In this clip fromIndustry Focus: Financials,Gaby Lapera is joined by Jason Moser and Mark Reeth to talk about some financial lessons that can be learned from Travie McCoy and Bruno Mars' hit "Billionaire." They discuss the emotional and tax implications of donating cars and stocks to charity(or random people), how to approach a huge windfall of cash that would make you a billionaire, the practicality of adopting "a bunch of babies that ain't never had [a thing]," and more.
A full transcript follows the video.
A secret billion-dollar stock opportunity The world's biggest tech company forgot to show you something, but a few Wall Street analysts and the Fool didn't miss a beat: There's a small company that's powering their brand-new gadgets and the coming revolution in technology. And we think its stock price has nearly unlimited room to run for early in-the-know investors! To be one of them, just click here.
This podcast was recorded on Aug. 1, 2016.
Gaby Lapera: Next we move on to"Billionaire" by Travie McCoy and Bruno Mars. Would one of you gentleman like to do the honors?
Mark Reeth: I think you should sing it this time.
Jason Moser: I think you should sing.
Lapera: Thanks, Jason! Yeah, you should sing it.
Reeth: We want people to listen to these."Billionaire" by Trevie McCoy and Bruno Mars. "I'd probably pull an Angelina and Brad Pitt and adopt a bunch of babies that ain't never had blank, give away a few Mercedes like "Here lady have this" and last but not least, grant somebody their last wish.""Billionaire."
Lapera: Yeah, that was like spelling-bee like. I kind of liked that. So there's a couple different parts of me here. Part of me is like "Man, I don't know how you became a billionaire, but you should definitely diversify and put some of that money in bonds, yo!" and then another part of me is like, "Oh, that's so nice. You want to help people." What do you guys think?
Reeth: I just think that was a great "Diversify your bonds" shout out. This is the kind of show we're doing. Well, I can certainly talk about giving away a Mercedes. Well, it wasn't a Mercedes, but I actually just gave away my car, my old car, to a charity. I got a new car a couple weeks ago and last week I ended up donating my old car to Wheels For Wishes which is associated with the Make-A-Wish foundation so I certainly stand behind the idea of charitable giving. I think you get a lot from it, both from an ethical and moral perspective, but there are also obvious financial benefits as well.
I'm going to get a little bit off my taxes this year, hopefully, when they sell that car and I get a receipt for it. It's a junker but I hopefully will get something out of it. There's also you can always, people always forget this, you can donate stocks to charities. You can make --
Lapera: I did not know that.
Reeth: Yep, absolutely. You can donate stocks and it helps, I think it actually completely eliminates -- maybe you know this, Jason -- completely eliminates the capital gains tax.
Moser: I am no tax expert, Mark, so I'm going to defer.
Lapera: That's really sneaky if that's the case.
Reeth: It is. You're still giving away money but there is something to be said about again, avoiding that capital gains tax and hopefully making somebody's day with a charitable donation so that's again, something people always forget about, but stocks are just as donatable as a car.
Moser: Sneaky maybe but you know I've always had this idea that, we espouse long-term investing here at the Fool. We talk about holding these businesses three, five, 10 years, even longer. I would be on board if we said capital gains-wise, if you've owned shares in a particular business for five years or longer then I would think: "Hey, let's just wipe out any exposure to capital gains tax all together," and you can alter it on the other side there as well, so that if you're selling before five years is up, perhaps your short-term capital gains exposure is greater than it is currently today, but I think that would certainly promote at least the benefits of owning of longer-term investing like we talk about here. I think that would be kind of an interesting one to at least debate the pros and cons.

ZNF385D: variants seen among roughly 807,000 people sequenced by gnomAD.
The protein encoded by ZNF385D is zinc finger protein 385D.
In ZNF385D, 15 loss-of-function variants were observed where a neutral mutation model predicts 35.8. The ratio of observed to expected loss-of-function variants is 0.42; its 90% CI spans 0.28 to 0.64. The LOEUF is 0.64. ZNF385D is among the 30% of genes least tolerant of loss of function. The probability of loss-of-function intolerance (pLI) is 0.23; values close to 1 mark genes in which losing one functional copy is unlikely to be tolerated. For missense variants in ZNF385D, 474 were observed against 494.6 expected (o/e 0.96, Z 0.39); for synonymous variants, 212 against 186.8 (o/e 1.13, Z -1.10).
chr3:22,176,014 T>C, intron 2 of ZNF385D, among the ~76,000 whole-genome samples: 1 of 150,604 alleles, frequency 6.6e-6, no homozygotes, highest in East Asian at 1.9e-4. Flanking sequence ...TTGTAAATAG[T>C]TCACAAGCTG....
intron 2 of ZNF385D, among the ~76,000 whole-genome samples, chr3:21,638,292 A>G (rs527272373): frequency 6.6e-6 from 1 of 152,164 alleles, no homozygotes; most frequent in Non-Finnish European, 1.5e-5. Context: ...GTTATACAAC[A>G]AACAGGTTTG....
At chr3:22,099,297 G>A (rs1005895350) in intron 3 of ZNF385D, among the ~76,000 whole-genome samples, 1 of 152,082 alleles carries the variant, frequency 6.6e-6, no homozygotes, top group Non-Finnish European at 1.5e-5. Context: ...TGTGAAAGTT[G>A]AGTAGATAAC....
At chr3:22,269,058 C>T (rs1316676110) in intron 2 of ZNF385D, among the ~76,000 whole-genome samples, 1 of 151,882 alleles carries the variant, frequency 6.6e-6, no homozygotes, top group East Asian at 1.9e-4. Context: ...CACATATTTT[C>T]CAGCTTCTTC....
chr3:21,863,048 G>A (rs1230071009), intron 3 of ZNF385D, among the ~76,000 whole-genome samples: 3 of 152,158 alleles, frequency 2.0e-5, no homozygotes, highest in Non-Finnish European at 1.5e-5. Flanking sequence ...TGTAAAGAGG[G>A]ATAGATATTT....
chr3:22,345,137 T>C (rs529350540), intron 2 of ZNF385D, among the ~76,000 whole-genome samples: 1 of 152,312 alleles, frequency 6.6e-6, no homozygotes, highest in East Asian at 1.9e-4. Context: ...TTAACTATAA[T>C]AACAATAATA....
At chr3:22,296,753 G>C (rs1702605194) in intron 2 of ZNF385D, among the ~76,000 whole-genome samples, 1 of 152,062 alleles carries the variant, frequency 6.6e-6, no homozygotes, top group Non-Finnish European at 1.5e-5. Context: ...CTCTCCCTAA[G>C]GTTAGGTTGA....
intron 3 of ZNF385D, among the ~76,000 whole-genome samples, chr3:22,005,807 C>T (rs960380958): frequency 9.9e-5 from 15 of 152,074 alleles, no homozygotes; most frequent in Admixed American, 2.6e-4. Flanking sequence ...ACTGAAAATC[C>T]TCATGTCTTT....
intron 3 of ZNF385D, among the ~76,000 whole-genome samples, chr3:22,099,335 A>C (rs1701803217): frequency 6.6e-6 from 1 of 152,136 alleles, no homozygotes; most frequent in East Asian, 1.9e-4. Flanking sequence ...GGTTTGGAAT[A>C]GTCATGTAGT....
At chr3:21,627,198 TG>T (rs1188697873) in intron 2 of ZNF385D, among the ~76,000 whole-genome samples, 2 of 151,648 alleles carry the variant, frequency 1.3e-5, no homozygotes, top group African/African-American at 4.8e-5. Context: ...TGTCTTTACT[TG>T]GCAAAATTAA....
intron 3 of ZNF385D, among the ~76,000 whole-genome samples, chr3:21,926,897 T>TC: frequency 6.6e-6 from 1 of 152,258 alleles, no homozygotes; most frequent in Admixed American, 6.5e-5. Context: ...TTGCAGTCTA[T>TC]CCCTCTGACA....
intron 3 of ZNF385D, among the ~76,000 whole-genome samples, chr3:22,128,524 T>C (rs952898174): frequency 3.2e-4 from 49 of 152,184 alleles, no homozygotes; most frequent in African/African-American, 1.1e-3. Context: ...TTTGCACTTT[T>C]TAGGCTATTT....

Lapera: If you are a huge jerk, you could also unload some like SolarCityor something.
Reeth: Well, neither Jason nor I are huge jerks, so we would never do that.
Moser: And I don't own any SolarCity, so.
Lapera: Could a charity just be like: "Nah!"?
Reeth: "Do I really want Container Store right now? Nah."
Lapera: Okay, you guys feel good about that?
Moser: I do. I think it's ... You always think about if I ran into this big windfall of money, if I do all of a sudden woke up tomorrow and I had $5 million, what would I do with it? Maybe $5 million isn't the best example but regardless, I think it's important to recognize that it's a big world. We've got a lot of things going for us here. It feels good to help when you can and I think as long as you can approach life from that perspective, it kind of helps you make better decisions.
Lapera: Building on point number one, make sure you can pay your rent and then help others.
Reeth: Right, maybe don't adopt a bunch of babies but you can always give away a Mercedes.
Lapera: That's a Mark Reeth.
Reeth: That was Travie McCoy and Bruno Mars.
Lapera: I know. If you want to give away a Mercedes to Mark Reeth, it's firstname.lastname@example.org.
Gaby Lapera has no position in any stocks mentioned. Jason Moser has no position in any stocks mentioned. Mark Reeth has no position in any stocks mentioned. The Motley Fool owns shares of and recommends SolarCity. The Motley Fool owns shares of The Container Store Group. Try any of our Foolish newsletter services free for 30 days. We Fools may not all hold the same opinions, but we all believe that considering a diverse range of insights makes us better investors. The Motley Fool has a disclosure policy.